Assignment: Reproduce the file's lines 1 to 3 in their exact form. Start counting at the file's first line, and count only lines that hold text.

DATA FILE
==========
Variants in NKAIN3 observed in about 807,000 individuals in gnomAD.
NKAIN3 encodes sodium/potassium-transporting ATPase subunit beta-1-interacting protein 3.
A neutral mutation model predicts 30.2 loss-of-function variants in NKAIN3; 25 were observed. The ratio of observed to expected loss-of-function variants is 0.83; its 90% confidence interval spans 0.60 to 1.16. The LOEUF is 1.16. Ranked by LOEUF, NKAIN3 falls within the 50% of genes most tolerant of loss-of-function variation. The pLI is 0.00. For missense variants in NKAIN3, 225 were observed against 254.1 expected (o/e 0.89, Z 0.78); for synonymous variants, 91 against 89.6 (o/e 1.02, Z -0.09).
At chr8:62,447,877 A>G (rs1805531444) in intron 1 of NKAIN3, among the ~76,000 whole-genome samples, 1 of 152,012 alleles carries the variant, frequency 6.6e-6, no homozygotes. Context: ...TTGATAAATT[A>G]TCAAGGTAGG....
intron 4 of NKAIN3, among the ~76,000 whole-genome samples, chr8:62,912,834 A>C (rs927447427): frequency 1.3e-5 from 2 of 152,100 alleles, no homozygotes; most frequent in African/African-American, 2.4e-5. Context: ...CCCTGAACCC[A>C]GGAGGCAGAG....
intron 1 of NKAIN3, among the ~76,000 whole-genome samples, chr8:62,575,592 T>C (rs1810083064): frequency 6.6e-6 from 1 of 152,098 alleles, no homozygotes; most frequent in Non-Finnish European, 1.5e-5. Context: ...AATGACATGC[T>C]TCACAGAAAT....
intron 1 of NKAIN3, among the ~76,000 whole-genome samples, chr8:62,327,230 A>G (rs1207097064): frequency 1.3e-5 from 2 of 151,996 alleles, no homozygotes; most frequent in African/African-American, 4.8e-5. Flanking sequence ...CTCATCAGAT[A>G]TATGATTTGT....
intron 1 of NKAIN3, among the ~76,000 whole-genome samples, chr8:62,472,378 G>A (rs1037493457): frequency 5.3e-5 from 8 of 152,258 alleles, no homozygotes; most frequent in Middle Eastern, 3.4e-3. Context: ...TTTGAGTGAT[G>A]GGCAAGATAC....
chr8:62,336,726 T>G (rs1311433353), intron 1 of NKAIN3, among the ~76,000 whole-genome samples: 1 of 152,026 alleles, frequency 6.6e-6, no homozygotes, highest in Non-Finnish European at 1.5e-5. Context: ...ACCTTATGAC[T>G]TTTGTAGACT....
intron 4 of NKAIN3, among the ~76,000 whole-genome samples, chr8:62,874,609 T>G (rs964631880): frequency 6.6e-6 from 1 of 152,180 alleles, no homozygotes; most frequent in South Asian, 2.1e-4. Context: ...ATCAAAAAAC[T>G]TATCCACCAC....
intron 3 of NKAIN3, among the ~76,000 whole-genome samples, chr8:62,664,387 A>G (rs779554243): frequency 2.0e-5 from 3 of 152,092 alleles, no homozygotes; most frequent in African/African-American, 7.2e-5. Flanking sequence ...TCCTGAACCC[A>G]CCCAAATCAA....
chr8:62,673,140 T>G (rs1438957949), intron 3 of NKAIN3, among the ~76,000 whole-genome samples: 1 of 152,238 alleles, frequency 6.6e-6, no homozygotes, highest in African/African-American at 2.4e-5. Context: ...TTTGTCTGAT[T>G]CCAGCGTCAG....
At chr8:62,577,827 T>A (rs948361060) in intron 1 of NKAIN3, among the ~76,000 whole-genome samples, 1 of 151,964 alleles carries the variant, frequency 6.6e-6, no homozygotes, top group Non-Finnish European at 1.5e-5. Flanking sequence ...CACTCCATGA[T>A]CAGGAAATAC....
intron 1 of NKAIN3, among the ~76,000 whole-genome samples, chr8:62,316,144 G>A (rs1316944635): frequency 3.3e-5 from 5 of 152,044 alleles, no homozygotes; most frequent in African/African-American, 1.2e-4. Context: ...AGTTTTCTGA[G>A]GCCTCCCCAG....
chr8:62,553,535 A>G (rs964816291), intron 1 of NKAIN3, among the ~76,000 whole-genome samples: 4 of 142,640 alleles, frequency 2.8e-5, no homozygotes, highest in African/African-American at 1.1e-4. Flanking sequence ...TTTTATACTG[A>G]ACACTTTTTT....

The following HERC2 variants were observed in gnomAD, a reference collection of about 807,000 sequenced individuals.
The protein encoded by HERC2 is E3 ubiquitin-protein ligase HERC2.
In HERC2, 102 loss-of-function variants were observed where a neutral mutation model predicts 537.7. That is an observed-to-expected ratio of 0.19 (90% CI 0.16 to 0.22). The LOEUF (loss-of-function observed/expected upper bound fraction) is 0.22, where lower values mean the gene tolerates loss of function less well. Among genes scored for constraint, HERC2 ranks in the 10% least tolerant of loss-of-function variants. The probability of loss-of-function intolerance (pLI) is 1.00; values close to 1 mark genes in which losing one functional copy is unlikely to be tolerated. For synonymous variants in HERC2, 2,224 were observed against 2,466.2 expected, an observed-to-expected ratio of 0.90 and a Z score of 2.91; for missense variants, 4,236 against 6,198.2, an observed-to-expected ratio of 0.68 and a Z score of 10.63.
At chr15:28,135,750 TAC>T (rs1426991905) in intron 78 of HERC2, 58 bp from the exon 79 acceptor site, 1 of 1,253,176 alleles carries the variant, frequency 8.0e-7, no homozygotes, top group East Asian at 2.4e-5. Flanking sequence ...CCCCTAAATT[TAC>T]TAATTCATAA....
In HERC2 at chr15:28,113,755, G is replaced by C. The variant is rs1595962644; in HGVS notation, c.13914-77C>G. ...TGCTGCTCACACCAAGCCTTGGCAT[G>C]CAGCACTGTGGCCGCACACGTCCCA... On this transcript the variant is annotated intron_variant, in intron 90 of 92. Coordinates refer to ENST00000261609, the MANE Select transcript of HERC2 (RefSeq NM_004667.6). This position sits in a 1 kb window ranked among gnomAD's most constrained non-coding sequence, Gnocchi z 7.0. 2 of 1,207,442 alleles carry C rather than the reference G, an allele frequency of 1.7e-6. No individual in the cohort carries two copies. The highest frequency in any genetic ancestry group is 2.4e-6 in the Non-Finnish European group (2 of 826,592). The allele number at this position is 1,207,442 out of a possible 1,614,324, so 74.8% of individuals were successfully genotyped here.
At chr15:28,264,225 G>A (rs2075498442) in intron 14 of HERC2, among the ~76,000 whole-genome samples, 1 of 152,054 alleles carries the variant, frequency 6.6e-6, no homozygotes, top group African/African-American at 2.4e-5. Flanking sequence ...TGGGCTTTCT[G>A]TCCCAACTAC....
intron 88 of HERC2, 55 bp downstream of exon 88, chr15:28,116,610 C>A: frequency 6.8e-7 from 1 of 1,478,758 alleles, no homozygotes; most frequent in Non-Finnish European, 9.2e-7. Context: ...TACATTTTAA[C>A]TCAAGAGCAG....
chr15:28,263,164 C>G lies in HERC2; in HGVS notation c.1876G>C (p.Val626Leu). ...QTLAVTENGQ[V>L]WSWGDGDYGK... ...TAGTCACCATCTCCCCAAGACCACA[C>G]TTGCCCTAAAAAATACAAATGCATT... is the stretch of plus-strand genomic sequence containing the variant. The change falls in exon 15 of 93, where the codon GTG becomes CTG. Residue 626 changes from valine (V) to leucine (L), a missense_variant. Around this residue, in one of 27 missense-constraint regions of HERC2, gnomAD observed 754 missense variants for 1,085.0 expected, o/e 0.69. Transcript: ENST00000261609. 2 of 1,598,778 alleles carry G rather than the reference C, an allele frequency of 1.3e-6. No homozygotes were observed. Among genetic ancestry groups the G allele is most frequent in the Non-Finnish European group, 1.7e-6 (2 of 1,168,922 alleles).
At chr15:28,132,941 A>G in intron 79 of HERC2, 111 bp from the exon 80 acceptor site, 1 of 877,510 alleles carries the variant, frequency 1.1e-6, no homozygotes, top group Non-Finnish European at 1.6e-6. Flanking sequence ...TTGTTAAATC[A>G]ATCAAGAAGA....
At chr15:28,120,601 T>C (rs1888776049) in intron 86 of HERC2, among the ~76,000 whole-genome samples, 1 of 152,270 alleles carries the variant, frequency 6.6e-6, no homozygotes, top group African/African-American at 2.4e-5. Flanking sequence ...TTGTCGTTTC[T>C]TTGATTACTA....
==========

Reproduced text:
Variants in NKAIN3 observed in about 807,000 individuals in gnomAD.
NKAIN3 encodes sodium/potassium-transporting ATPase subunit beta-1-interacting protein 3.
A neutral mutation model predicts 30.2 loss-of-function variants in NKAIN3; 25 were observed. The ratio of observed to expected loss-of-function variants is 0.83; its 90% confidence interval spans 0.60 to 1.16. The LOEUF is 1.16. Ranked by LOEUF, NKAIN3 falls within the 50% of genes most tolerant of loss-of-function variation. The pLI is 0.00. For missense variants in NKAIN3, 225 were observed against 254.1 expected (o/e 0.89, Z 0.78); for synonymous variants, 91 against 89.6 (o/e 1.02, Z -0.09).